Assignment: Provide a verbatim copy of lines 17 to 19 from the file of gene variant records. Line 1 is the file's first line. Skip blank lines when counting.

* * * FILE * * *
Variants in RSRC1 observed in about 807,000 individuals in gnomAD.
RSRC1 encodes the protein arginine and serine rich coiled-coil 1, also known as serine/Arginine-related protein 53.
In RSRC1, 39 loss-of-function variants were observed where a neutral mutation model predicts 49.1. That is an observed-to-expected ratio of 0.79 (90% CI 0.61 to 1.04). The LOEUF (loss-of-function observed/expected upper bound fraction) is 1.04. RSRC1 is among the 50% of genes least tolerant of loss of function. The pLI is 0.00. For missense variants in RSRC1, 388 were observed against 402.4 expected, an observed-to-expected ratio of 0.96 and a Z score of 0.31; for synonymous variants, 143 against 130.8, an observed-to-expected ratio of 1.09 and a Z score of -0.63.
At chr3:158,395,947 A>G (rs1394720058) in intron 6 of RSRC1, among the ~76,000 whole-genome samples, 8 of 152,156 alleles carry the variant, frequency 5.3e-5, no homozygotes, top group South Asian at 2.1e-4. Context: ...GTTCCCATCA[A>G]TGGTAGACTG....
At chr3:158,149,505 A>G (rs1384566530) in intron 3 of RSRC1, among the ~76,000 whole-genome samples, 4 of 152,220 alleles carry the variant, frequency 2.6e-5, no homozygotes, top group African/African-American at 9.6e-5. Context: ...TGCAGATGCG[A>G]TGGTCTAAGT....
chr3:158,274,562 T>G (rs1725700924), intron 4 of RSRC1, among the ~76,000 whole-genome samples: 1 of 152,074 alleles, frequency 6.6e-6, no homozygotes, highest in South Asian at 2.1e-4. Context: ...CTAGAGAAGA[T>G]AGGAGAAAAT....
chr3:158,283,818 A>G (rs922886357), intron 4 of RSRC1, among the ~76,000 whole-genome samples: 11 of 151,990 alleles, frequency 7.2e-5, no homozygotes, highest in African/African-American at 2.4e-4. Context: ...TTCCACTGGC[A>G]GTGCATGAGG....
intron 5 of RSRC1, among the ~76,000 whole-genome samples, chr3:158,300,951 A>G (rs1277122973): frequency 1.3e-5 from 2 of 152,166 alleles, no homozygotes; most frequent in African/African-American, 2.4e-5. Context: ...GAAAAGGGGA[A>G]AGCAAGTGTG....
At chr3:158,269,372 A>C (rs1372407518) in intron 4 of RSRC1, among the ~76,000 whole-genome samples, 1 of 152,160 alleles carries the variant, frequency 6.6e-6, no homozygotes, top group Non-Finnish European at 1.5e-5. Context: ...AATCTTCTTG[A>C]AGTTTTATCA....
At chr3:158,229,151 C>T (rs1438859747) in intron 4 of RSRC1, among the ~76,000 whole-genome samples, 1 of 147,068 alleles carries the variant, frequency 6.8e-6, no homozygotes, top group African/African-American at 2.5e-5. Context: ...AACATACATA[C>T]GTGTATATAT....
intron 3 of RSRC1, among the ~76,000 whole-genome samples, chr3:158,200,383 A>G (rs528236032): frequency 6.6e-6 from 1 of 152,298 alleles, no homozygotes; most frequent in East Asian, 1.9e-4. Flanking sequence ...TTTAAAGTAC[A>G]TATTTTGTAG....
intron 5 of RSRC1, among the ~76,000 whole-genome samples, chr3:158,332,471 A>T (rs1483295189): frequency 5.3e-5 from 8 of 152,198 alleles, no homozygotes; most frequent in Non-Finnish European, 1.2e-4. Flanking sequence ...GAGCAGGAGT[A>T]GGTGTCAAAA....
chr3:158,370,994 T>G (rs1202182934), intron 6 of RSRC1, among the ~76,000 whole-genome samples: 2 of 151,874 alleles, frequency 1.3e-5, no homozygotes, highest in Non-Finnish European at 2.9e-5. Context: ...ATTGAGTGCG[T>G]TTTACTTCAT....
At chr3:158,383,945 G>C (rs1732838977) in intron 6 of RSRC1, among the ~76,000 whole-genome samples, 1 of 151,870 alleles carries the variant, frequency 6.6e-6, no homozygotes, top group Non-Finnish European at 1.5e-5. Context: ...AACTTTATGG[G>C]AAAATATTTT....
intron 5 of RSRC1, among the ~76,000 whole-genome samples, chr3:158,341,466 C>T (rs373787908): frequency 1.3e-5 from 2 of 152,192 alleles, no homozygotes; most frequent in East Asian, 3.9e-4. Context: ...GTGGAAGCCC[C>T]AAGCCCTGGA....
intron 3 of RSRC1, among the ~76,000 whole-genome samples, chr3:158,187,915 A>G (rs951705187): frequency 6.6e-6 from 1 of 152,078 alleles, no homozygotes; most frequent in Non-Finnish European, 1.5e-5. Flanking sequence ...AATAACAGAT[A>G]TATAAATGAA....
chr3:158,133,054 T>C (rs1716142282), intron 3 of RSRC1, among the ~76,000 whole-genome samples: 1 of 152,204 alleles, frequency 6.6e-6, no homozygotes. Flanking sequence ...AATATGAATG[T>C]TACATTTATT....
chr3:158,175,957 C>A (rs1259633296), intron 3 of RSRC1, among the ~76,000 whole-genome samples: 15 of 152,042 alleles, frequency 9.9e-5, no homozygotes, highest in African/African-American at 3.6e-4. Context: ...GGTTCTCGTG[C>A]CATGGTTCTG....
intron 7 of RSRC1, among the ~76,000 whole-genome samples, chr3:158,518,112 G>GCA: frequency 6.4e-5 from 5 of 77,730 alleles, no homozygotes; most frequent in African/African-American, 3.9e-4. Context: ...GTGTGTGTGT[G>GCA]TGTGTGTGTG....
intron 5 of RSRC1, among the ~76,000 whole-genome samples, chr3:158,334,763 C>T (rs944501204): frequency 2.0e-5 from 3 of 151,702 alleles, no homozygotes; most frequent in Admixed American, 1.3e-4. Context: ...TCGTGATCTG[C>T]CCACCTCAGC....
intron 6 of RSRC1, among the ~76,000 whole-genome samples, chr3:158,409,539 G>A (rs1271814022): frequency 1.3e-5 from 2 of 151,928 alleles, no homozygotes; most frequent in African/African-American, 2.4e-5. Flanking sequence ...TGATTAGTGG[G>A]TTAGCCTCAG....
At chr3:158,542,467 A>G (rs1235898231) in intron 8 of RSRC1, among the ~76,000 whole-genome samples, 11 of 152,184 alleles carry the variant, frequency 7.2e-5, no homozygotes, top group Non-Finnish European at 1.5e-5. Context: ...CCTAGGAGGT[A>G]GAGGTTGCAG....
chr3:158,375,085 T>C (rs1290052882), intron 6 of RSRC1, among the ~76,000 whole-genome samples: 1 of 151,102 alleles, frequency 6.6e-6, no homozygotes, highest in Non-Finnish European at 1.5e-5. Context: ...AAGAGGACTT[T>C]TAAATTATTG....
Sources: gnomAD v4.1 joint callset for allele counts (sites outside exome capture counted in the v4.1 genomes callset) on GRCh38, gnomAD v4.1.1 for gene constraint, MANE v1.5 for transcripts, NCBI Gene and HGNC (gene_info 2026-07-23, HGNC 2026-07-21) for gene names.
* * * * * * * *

chr3:158,133,054 T>C (rs1716142282), intron 3 of RSRC1, among the ~76,000 whole-genome samples: 1 of 152,204 alleles, frequency 6.6e-6, no homozygotes. Flanking sequence ...AATATGAATG[T>C]TACATTTATT....
chr3:158,175,957 C>A (rs1259633296), intron 3 of RSRC1, among the ~76,000 whole-genome samples: 15 of 152,042 alleles, frequency 9.9e-5, no homozygotes, highest in African/African-American at 3.6e-4. Context: ...GGTTCTCGTG[C>A]CATGGTTCTG....
intron 7 of RSRC1, among the ~76,000 whole-genome samples, chr3:158,518,112 G>GCA: frequency 6.4e-5 from 5 of 77,730 alleles, no homozygotes; most frequent in African/African-American, 3.9e-4. Context: ...GTGTGTGTGT[G>GCA]TGTGTGTGTG....